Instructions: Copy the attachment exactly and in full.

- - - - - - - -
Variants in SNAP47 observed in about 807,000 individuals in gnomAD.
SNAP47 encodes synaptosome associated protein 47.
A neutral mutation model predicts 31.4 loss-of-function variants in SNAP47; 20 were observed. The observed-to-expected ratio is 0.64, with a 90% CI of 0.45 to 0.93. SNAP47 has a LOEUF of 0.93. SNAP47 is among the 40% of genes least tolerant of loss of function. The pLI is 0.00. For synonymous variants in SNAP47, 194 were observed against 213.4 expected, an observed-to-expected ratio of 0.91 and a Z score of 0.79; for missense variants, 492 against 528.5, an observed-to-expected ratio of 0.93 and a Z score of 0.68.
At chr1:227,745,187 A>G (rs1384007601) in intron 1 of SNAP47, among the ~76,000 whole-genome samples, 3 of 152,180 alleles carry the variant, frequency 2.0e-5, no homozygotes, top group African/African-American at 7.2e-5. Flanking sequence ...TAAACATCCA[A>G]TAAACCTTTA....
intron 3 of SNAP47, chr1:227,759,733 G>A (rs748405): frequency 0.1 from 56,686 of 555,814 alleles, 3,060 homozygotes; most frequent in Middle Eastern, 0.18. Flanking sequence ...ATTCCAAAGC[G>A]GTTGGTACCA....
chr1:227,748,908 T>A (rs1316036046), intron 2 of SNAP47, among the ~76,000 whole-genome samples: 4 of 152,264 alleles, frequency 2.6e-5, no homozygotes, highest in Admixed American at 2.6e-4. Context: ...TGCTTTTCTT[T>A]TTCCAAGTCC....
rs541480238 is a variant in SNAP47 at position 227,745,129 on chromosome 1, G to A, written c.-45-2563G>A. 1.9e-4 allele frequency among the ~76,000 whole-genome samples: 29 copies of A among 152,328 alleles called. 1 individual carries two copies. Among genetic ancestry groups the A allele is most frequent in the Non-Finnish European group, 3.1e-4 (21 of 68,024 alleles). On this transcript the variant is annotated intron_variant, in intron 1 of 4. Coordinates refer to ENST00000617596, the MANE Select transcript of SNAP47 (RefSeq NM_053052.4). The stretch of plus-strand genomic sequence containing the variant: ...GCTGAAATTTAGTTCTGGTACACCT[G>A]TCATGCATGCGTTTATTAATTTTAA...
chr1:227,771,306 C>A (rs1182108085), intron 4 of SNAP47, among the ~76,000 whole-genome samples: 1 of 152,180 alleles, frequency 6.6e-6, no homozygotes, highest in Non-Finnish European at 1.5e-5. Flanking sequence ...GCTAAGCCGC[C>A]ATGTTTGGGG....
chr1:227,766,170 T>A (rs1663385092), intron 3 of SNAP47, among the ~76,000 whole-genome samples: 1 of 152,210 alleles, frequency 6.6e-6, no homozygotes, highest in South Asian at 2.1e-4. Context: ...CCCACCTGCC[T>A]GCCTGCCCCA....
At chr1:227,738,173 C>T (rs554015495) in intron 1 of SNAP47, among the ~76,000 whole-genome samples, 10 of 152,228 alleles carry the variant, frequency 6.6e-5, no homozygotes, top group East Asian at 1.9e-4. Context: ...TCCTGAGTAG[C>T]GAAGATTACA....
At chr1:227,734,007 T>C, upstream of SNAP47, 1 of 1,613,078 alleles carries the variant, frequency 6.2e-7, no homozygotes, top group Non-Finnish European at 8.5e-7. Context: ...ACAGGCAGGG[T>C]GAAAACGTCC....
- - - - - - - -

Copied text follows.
Variants in SNAP47 observed in about 807,000 individuals in gnomAD.
SNAP47 encodes synaptosome associated protein 47.
A neutral mutation model predicts 31.4 loss-of-function variants in SNAP47; 20 were observed. The observed-to-expected ratio is 0.64, with a 90% CI of 0.45 to 0.93. SNAP47 has a LOEUF of 0.93. SNAP47 is among the 40% of genes least tolerant of loss of function. The pLI is 0.00. For synonymous variants in SNAP47, 194 were observed against 213.4 expected, an observed-to-expected ratio of 0.91 and a Z score of 0.79; for missense variants, 492 against 528.5, an observed-to-expected ratio of 0.93 and a Z score of 0.68.
At chr1:227,745,187 A>G (rs1384007601) in intron 1 of SNAP47, among the ~76,000 whole-genome samples, 3 of 152,180 alleles carry the variant, frequency 2.0e-5, no homozygotes, top group African/African-American at 7.2e-5. Flanking sequence ...TAAACATCCA[A>G]TAAACCTTTA....
intron 3 of SNAP47, chr1:227,759,733 G>A (rs748405): frequency 0.1 from 56,686 of 555,814 alleles, 3,060 homozygotes; most frequent in Middle Eastern, 0.18. Flanking sequence ...ATTCCAAAGC[G>A]GTTGGTACCA....
chr1:227,748,908 T>A (rs1316036046), intron 2 of SNAP47, among the ~76,000 whole-genome samples: 4 of 152,264 alleles, frequency 2.6e-5, no homozygotes, highest in Admixed American at 2.6e-4. Context: ...TGCTTTTCTT[T>A]TTCCAAGTCC....
rs541480238 is a variant in SNAP47 at position 227,745,129 on chromosome 1, G to A, written c.-45-2563G>A. 1.9e-4 allele frequency among the ~76,000 whole-genome samples: 29 copies of A among 152,328 alleles called. 1 individual carries two copies. Among genetic ancestry groups the A allele is most frequent in the Non-Finnish European group, 3.1e-4 (21 of 68,024 alleles). On this transcript the variant is annotated intron_variant, in intron 1 of 4. Coordinates refer to ENST00000617596, the MANE Select transcript of SNAP47 (RefSeq NM_053052.4). The stretch of plus-strand genomic sequence containing the variant: ...GCTGAAATTTAGTTCTGGTACACCT[G>A]TCATGCATGCGTTTATTAATTTTAA...
chr1:227,771,306 C>A (rs1182108085), intron 4 of SNAP47, among the ~76,000 whole-genome samples: 1 of 152,180 alleles, frequency 6.6e-6, no homozygotes, highest in Non-Finnish European at 1.5e-5. Flanking sequence ...GCTAAGCCGC[C>A]ATGTTTGGGG....
chr1:227,766,170 T>A (rs1663385092), intron 3 of SNAP47, among the ~76,000 whole-genome samples: 1 of 152,210 alleles, frequency 6.6e-6, no homozygotes, highest in South Asian at 2.1e-4. Context: ...CCCACCTGCC[T>A]GCCTGCCCCA....
At chr1:227,738,173 C>T (rs554015495) in intron 1 of SNAP47, among the ~76,000 whole-genome samples, 10 of 152,228 alleles carry the variant, frequency 6.6e-5, no homozygotes, top group East Asian at 1.9e-4. Context: ...TCCTGAGTAG[C>T]GAAGATTACA....
At chr1:227,734,007 T>C, upstream of SNAP47, 1 of 1,613,078 alleles carries the variant, frequency 6.2e-7, no homozygotes, top group Non-Finnish European at 8.5e-7. Context: ...ACAGGCAGGG[T>C]GAAAACGTCC....